Key Points:

It has been pointed out to me that I have been far too negative about John Key and National in past columns. I would like to rectify that. For the record, I really want the National-Act-Maori Government to succeed, for the good of all of those who get it in the teeth when Governments get it wrong. (Which is not me, nor, I suspect, most of you.)

Besides which it's nearly Christmas, which is not the season for nitpicking negativity but relentless positivity and ambitiousness (to channel our bouncy new PM), both of which I have to admit have been a little challenging this week.

Still, no one said it was going to be easy - eh, Hone? Sometimes you gotta swallow a few dead fish for the greater good.

And so, in that spirit, I want to say how diverting it's been to watch the National-led Government's first action-packed week in Parliament. First, they did what they said they'd do, and a little more besides. If there is a Christmas bonus for the number of laws you can get through Parliament in a single week, they'd surely get it. They showed what a take-charge, we-know-best Government looks like. They were decisive, fleet of foot, efficient and in control. They were not ashamed to admit their mistakes (on KiwiSaver and state houses), even when it exposed a worryingly flimsy grasp of policy.

They did not stand on their principles, instead brushing aside time-wasting due process (who really needs select committees, anyway?), and overriding the heartless officials at Pharmac to extend the funding for the expensive Herceptin.

Because who cares about careful analysis of the data and independence from political interference and emotive lobbying as long as you can put your hand on your heart and say you did what you thought was right?

And, okay, so some of the bills passed into law last week had no names at the time that Gerry Brownlee announced that they were going to be pushed through under urgency. And, it's true that opposition parties weren't even given advance copies of the bills in time to properly digest them before debating them.

But, look, that wasn't the Government's fault. It was the fault of the officials who were still drafting them at the time. And, really, how long does it take to write a law, anyway? Nobody said they had to be good.

In any case, no one needed much time to get to grips with the "tough" but commendably short Bail Amendment Bill. It was under a page long, and removes three words from the old law. We can all feel safer because judges now only have to be satisfied that suspects pose "a risk" rather than "a real and significant risk" when they decide whether they should grant bail.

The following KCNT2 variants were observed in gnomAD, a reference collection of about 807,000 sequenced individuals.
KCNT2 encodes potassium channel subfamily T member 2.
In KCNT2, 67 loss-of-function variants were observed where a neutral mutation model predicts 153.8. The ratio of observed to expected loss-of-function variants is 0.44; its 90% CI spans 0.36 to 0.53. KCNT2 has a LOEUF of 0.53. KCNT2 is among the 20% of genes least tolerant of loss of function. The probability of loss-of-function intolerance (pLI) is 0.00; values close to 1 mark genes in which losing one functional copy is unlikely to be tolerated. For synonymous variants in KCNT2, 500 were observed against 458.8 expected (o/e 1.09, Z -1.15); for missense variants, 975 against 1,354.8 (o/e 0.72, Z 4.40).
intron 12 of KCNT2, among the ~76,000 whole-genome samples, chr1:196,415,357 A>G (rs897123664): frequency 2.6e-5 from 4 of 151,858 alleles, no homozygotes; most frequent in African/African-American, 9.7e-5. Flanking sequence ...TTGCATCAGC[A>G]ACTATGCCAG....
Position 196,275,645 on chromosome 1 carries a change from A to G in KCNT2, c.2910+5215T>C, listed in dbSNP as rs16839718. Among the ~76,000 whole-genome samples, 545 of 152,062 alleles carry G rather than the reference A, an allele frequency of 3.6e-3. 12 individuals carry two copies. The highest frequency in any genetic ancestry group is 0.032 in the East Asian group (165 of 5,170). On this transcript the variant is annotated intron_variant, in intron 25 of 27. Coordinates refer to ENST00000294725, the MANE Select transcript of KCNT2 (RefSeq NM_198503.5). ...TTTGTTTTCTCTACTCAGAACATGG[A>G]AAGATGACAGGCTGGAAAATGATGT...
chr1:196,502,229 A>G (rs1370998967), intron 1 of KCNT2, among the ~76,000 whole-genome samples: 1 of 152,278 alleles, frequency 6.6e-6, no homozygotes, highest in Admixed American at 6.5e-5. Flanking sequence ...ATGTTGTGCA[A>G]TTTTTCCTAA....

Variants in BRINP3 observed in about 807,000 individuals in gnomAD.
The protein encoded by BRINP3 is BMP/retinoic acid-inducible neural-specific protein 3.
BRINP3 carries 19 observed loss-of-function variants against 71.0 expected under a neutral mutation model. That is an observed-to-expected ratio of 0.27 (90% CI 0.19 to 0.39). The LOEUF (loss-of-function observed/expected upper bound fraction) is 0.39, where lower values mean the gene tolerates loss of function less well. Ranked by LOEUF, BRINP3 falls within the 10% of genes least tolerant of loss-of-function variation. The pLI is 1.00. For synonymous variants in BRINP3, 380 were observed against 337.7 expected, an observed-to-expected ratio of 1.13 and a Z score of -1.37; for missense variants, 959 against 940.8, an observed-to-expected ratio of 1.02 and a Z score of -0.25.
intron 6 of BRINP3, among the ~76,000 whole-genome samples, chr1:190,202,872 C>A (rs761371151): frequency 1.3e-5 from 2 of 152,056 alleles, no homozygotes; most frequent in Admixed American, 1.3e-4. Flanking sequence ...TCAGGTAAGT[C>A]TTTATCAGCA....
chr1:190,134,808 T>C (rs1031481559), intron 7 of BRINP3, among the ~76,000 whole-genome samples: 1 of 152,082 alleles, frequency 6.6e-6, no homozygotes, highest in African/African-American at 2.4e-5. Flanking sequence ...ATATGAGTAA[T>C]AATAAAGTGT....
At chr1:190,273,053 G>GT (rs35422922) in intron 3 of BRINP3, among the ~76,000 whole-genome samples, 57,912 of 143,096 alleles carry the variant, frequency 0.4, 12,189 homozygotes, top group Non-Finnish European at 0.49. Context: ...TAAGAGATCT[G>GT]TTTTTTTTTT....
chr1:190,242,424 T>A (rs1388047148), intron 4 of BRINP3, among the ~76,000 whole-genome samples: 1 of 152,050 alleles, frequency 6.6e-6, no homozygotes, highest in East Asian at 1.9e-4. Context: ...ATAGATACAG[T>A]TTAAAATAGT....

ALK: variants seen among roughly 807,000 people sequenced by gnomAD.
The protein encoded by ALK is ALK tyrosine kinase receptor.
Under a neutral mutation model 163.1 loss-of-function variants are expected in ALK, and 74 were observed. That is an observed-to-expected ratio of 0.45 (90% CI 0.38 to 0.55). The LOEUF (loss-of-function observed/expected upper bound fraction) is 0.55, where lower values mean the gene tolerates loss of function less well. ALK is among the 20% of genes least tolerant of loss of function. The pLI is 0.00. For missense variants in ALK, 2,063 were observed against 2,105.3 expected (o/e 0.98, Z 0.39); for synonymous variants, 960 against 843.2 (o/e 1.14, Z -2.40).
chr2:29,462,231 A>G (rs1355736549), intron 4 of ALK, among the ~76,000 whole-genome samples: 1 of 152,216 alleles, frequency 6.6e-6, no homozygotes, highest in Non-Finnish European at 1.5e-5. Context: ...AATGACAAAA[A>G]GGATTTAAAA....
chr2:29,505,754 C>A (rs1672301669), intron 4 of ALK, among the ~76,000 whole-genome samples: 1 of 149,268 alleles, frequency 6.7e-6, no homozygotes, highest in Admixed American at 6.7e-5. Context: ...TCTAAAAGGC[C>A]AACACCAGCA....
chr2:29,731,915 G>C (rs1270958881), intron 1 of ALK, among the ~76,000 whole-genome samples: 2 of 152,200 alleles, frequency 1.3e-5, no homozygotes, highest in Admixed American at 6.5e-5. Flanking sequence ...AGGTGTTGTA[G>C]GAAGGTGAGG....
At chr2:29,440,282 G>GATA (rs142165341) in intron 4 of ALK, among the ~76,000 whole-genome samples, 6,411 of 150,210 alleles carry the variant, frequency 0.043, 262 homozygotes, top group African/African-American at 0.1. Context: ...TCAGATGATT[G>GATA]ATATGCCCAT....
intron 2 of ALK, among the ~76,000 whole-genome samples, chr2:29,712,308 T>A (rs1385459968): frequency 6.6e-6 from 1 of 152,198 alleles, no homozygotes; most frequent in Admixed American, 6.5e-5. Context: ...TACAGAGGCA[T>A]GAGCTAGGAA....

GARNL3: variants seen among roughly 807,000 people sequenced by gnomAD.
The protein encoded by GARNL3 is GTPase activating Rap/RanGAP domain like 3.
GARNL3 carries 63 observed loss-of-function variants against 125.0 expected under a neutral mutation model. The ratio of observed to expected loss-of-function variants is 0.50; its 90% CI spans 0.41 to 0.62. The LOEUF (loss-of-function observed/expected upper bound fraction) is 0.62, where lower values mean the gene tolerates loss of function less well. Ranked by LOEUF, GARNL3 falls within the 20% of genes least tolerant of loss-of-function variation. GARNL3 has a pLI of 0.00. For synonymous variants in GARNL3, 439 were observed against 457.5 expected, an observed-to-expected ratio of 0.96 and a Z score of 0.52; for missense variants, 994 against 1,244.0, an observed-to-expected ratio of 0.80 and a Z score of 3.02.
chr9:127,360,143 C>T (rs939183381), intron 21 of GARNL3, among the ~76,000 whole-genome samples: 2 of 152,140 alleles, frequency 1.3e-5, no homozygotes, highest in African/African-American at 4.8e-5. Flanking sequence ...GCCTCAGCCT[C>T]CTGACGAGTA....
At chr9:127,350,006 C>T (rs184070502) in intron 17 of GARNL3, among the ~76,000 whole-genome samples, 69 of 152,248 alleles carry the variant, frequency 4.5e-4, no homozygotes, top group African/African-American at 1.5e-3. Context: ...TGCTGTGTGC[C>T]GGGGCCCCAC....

The Maori Party voted against that one - Maori are already less likely to be granted bail, no matter how much of a risk they pose - but voted for the tax cuts, despite the fact that the cuts giveth to the better paid rather than the lower paid, who would only have blown it on food and electricity anyway. (For example, families earning under $45,000 get nothing, people on $40,000 a year will have to wait till 2011 to get $5 a week, but those on $100,000 will get $24 in 2009, $34 in 2010 and $41 in 2011.)

Still, National is only being fair. The well-paid and the childless have long been neglected by the Labour-led Government.

As have the poor old employers, who will now have 90 days to get rid of workers who don't work out, without even the bother of having to give a reason. Never mind the Human Rights Commission had urged the Government to go through the select committee process, just because this was "a fundamental change to employment law which requires serious consideration".

Why would you bother with that when you have the numbers and a timetable?

National would have got its way on the Education (National Standards) Amendment Act, too, with or without all the pesky arguments. The amendment requires all schools to test their pupils on maths, reading and writing every year from 2010, and increases truancy fees for the parents of children who miss school or don't enroll.

The Minister of Education, Anne Tolley, didn't bother to consult the education sector, and who can blame her? They're a disagreeable bunch who would have wanted to tell her that schools already test for numeracy and literacy, that they already have national norms against which parents can measure their children if they care to.

They'd have said there's more to improving education standards for those at the bottom than teaching to standardised tests, which haven't had much success overseas, and that punitive fines aren't going to make any difference to the parents most likely to cop them.

And that would have been inconvenient.